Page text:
College Math Teaching

July 19, 2011

Quantum Mechanics and Undergraduate Mathematics IV: measuring an observable (example)

Ok, we have to relate the observables to the state of the system. We know that the only possible “values” of the observable are the eigenvalues of the operator and the relation of the operator to the state vector provides the density function. But what does this measurement do to the state? That is, immediately after a measurement is taken, what is the state?

True, the system undergoes a "time evolution" but once an observable is measured, an immediate (termed "successive") measurement will yield the same value; a "repeated" measurement (one made giving the system to undergo a time evolution) might give a different value.

So we get:

Postulate 4 A measurement of an observable generally (?) causes a drastic, uncontrollable alteration in the state vector of the system; immediately after the measurement it will coincide with the eigenvector corresponding to the eigenvalue obtained in the measurement.

Note: we assume that our observable operators have distinct eigenvalues; that is, no two distinct eigenvectors have the same eigenvalue.

That is, if we measure an observable with operator $A$ and obtain measurement $a_i$ then the new system eigenvector is $\alpha_i$ regardless of what $\psi$ was prior to measurement. Of course, this eigenvector can (and usually will) evolve with time.

Roughly speaking, here is what is going on:
Say the system is in state $\psi$. We measure and observable with operator $A$. We can only obtain one of the eigenvalues $\alpha_k$ as a measurement. Recall: remember all of those “orbitals” from chemistry class? Those were the energy levels of the electrons and the orbital level was a permissible energy state that we could obtain by a measurement.

Now if we get $\alpha_k$ as a measurement, the new state vector is $\alpha_k$. One might say that we started with a probability density function (given the state and the observable), we made a measurement, and now, for a brief instant anyway, our density function “collapsed” to the density function $P(A = a_k) = 1$.

This situation (brief) coincides with our classical intuition of an observable “having a value”.

For the purposes of this example, we’ll set our Hilbert space to the the square integrable piecewise smooth functions on $[-\pi, \pi]$ and let our “state vector” $\psi(x) =\left\{ \begin{array}{c}1/\sqrt{\pi}, 0 < x \leq \pi \\ 0,-\pi \leq x \leq 0 \end{array}\right.$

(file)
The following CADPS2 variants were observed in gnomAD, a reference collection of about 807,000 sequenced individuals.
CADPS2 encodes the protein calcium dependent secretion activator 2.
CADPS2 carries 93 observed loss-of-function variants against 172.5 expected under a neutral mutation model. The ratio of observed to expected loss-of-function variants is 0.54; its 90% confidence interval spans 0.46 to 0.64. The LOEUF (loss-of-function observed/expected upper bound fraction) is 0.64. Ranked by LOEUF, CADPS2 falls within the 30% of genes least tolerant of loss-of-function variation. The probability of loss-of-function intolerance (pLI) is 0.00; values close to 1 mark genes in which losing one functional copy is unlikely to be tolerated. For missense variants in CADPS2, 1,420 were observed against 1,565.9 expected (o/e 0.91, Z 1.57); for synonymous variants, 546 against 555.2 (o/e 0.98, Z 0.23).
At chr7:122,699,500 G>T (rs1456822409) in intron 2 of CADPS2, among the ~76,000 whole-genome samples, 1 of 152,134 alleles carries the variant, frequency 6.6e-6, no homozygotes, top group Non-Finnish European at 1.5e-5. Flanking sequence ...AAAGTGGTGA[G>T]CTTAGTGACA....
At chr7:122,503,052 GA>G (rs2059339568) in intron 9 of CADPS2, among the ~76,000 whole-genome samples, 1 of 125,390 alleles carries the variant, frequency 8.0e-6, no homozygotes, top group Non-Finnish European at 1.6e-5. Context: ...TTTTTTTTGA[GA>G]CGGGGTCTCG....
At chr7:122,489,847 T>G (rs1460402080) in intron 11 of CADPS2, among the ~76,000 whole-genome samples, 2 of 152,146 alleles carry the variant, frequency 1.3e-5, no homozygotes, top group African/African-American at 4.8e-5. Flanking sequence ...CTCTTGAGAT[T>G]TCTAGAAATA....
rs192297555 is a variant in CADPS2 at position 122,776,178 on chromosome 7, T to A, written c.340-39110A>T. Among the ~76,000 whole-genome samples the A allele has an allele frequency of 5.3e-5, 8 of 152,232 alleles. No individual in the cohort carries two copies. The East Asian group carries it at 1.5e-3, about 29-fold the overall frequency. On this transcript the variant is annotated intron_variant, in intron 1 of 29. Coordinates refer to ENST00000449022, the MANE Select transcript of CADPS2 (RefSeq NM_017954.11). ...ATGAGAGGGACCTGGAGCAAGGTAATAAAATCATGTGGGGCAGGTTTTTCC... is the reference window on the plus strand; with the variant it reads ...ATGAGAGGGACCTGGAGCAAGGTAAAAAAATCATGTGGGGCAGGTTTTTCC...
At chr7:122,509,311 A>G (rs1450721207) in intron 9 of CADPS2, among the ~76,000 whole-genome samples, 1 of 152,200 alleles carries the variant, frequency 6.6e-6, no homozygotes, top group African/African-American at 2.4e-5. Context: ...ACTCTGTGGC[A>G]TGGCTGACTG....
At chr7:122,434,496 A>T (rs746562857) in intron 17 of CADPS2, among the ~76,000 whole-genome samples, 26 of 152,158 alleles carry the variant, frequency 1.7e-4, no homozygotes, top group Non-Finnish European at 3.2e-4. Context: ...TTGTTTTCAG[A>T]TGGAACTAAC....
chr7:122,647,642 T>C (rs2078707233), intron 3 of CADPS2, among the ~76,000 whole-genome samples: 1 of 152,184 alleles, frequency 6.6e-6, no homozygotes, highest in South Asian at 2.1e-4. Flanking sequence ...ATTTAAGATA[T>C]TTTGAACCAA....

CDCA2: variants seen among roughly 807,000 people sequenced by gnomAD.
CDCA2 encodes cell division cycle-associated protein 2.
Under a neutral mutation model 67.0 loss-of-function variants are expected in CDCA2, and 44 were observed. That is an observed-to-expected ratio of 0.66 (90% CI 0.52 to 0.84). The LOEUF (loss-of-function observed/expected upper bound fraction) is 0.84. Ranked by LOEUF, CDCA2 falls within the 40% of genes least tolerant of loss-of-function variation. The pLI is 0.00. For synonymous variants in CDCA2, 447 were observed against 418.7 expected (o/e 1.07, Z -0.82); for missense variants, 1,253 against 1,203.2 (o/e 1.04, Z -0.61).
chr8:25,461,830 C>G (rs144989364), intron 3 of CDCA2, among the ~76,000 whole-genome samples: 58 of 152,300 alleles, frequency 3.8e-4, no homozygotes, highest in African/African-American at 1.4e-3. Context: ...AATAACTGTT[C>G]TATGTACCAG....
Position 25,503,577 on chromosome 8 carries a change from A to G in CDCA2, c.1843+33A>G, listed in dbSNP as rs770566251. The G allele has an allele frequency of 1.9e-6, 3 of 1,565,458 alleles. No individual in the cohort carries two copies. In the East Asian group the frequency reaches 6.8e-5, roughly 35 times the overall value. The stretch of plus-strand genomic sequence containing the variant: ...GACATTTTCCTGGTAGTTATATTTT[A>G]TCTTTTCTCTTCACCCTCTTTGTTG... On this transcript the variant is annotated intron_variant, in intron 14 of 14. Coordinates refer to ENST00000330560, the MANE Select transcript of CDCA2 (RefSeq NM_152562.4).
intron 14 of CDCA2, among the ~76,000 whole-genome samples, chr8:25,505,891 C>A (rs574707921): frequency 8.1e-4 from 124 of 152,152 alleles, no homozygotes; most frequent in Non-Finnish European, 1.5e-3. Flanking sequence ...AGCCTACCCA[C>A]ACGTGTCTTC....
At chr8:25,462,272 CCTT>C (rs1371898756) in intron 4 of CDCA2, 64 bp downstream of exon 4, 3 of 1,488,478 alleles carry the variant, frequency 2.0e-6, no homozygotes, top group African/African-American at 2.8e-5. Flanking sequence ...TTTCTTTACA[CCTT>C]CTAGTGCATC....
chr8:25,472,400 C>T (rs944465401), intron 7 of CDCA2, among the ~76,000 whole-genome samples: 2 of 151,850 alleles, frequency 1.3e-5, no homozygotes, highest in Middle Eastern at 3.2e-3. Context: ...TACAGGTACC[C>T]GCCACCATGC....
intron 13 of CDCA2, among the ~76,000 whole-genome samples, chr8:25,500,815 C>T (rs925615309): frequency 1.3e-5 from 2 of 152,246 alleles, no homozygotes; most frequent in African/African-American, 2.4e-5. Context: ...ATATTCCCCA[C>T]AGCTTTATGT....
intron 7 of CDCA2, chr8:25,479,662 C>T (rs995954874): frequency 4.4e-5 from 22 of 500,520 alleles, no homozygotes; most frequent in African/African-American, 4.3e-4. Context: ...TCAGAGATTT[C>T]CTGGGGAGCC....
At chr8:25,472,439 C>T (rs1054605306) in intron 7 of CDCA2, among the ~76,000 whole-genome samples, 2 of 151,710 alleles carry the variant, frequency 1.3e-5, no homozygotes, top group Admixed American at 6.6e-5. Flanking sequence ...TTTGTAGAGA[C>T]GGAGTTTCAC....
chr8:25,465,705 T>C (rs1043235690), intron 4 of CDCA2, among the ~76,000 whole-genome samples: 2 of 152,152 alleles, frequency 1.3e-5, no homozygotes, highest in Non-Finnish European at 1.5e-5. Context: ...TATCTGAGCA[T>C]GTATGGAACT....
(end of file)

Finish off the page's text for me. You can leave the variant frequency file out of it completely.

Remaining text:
Now suppose our observable corresponds to the eigenfunctions mentioned in this post, and we measure “-4” for our observable. This is the eigenvalue for $(1/\sqrt{\pi})sin(2x)$ so our new state vector is $(1/\sqrt{\pi})sin(2x)$.

So what happens if a different observable is measured IMMEDIATELY (e. g., no chance for a time evolution to take place).

Example We’ll still use the space of square integrable functions over $[-\pi, \pi]$
One might recall the Legendre polynomials which are eigenfucntions of the following operator:
$d/dt((1-t^2) dP_n/dt) = -(n)(n+1) P_n(t)$. These polynomials obey the orthogonality relation $\int^{1}_{-1} P_m(t)P_n(t)dt = 2/(2n+1) \delta_{m,n}$ hence $\int^{1}_{-1} P_m(t)P_m(t)dt = 2/(2m+1)$.
The first few of these are $P_0 = 1, P_1 =t, P_2 = (1/2)(3t^2-1), P_3 = (1/2)(5t^3 - 3t), ..$

We can adjust these polynomials by the change of variable $t =x/\pi$ and multiply each polynomial $P_m$ by the factor $sqrt{2/(\pi (2m+1) }$ to obtain an orthonormal eigenbasis. Of course, one has to adjust the operator by the chain rule.

So for this example, let $P_n$ denote the adjusted Legendre polynomial with eigenvalue $-n(n+1)$.

Now back to our original state vector which was changed to state function $(1/\sqrt{\pi})sin(2x)$.

Now suppose eigenvalue $-6 = -2(3)$ is observed as an observable with the Lengendre operator; this corresponds to eigenvector $\sqrt{(2/5)(1/\pi)}(1/2)(3(x/\pi)^2 -1)$ which is now the new state vector.

Now if we were to do an immediate measurement of the first observable, we’d have to a Fourier like expansion of our new state vector; hence the probability density function for the observables changes from the initial measurement. Bottom line: the order in which the observations are taken matters….in general.

The case in which the order wouldn’t matter: if the second observable had the state vector (from the first measurement) as an element of its eigenbasis.

We will state this as a general principle in our next post.